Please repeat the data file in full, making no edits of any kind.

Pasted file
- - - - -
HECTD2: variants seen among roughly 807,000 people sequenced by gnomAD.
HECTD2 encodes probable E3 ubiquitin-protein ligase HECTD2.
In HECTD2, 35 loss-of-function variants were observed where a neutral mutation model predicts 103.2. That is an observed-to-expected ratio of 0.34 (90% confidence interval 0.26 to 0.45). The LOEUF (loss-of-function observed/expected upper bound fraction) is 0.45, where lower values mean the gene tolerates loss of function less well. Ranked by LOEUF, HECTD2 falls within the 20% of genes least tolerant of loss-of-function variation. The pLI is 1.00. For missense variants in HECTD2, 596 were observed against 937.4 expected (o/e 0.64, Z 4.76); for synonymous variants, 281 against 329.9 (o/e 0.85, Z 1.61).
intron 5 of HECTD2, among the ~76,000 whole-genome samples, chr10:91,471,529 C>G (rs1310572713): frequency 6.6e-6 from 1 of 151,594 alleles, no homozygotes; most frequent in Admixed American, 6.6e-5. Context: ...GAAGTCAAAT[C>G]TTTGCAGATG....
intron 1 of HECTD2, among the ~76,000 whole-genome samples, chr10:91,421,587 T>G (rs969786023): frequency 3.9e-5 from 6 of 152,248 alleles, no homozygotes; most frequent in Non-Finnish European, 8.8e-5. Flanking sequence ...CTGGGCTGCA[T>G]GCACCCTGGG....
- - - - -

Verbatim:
HECTD2: variants seen among roughly 807,000 people sequenced by gnomAD.
HECTD2 encodes probable E3 ubiquitin-protein ligase HECTD2.
In HECTD2, 35 loss-of-function variants were observed where a neutral mutation model predicts 103.2. That is an observed-to-expected ratio of 0.34 (90% confidence interval 0.26 to 0.45). The LOEUF (loss-of-function observed/expected upper bound fraction) is 0.45, where lower values mean the gene tolerates loss of function less well. Ranked by LOEUF, HECTD2 falls within the 20% of genes least tolerant of loss-of-function variation. The pLI is 1.00. For missense variants in HECTD2, 596 were observed against 937.4 expected (o/e 0.64, Z 4.76); for synonymous variants, 281 against 329.9 (o/e 0.85, Z 1.61).
intron 5 of HECTD2, among the ~76,000 whole-genome samples, chr10:91,471,529 C>G (rs1310572713): frequency 6.6e-6 from 1 of 151,594 alleles, no homozygotes; most frequent in Admixed American, 6.6e-5. Context: ...GAAGTCAAAT[C>G]TTTGCAGATG....
intron 1 of HECTD2, among the ~76,000 whole-genome samples, chr10:91,421,587 T>G (rs969786023): frequency 3.9e-5 from 6 of 152,248 alleles, no homozygotes; most frequent in Non-Finnish European, 8.8e-5. Flanking sequence ...CTGGGCTGCA[T>G]GCACCCTGGG....